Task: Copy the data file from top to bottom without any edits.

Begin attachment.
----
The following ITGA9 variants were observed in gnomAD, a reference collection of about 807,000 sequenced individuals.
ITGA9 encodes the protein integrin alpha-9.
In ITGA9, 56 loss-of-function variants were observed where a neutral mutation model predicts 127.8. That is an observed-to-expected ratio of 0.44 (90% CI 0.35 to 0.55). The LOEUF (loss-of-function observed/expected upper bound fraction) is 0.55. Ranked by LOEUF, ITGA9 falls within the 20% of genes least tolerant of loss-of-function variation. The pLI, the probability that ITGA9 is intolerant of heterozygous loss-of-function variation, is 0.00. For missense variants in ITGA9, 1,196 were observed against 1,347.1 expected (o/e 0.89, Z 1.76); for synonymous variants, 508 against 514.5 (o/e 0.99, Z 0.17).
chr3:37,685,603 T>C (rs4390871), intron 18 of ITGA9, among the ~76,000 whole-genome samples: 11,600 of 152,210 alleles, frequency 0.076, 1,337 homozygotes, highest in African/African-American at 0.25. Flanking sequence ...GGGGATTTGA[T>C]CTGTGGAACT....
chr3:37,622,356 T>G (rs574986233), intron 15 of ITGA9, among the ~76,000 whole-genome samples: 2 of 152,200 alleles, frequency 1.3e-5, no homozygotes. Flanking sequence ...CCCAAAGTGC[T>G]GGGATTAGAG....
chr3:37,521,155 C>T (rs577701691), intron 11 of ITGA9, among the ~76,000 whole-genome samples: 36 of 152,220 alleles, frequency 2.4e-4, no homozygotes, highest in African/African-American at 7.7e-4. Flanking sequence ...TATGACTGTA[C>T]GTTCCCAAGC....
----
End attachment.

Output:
The following ITGA9 variants were observed in gnomAD, a reference collection of about 807,000 sequenced individuals.
ITGA9 encodes the protein integrin alpha-9.
In ITGA9, 56 loss-of-function variants were observed where a neutral mutation model predicts 127.8. That is an observed-to-expected ratio of 0.44 (90% CI 0.35 to 0.55). The LOEUF (loss-of-function observed/expected upper bound fraction) is 0.55. Ranked by LOEUF, ITGA9 falls within the 20% of genes least tolerant of loss-of-function variation. The pLI, the probability that ITGA9 is intolerant of heterozygous loss-of-function variation, is 0.00. For missense variants in ITGA9, 1,196 were observed against 1,347.1 expected (o/e 0.89, Z 1.76); for synonymous variants, 508 against 514.5 (o/e 0.99, Z 0.17).
chr3:37,685,603 T>C (rs4390871), intron 18 of ITGA9, among the ~76,000 whole-genome samples: 11,600 of 152,210 alleles, frequency 0.076, 1,337 homozygotes, highest in African/African-American at 0.25. Flanking sequence ...GGGGATTTGA[T>C]CTGTGGAACT....
chr3:37,622,356 T>G (rs574986233), intron 15 of ITGA9, among the ~76,000 whole-genome samples: 2 of 152,200 alleles, frequency 1.3e-5, no homozygotes. Flanking sequence ...CCCAAAGTGC[T>G]GGGATTAGAG....
chr3:37,521,155 C>T (rs577701691), intron 11 of ITGA9, among the ~76,000 whole-genome samples: 36 of 152,220 alleles, frequency 2.4e-4, no homozygotes, highest in African/African-American at 7.7e-4. Flanking sequence ...TATGACTGTA[C>T]GTTCCCAAGC....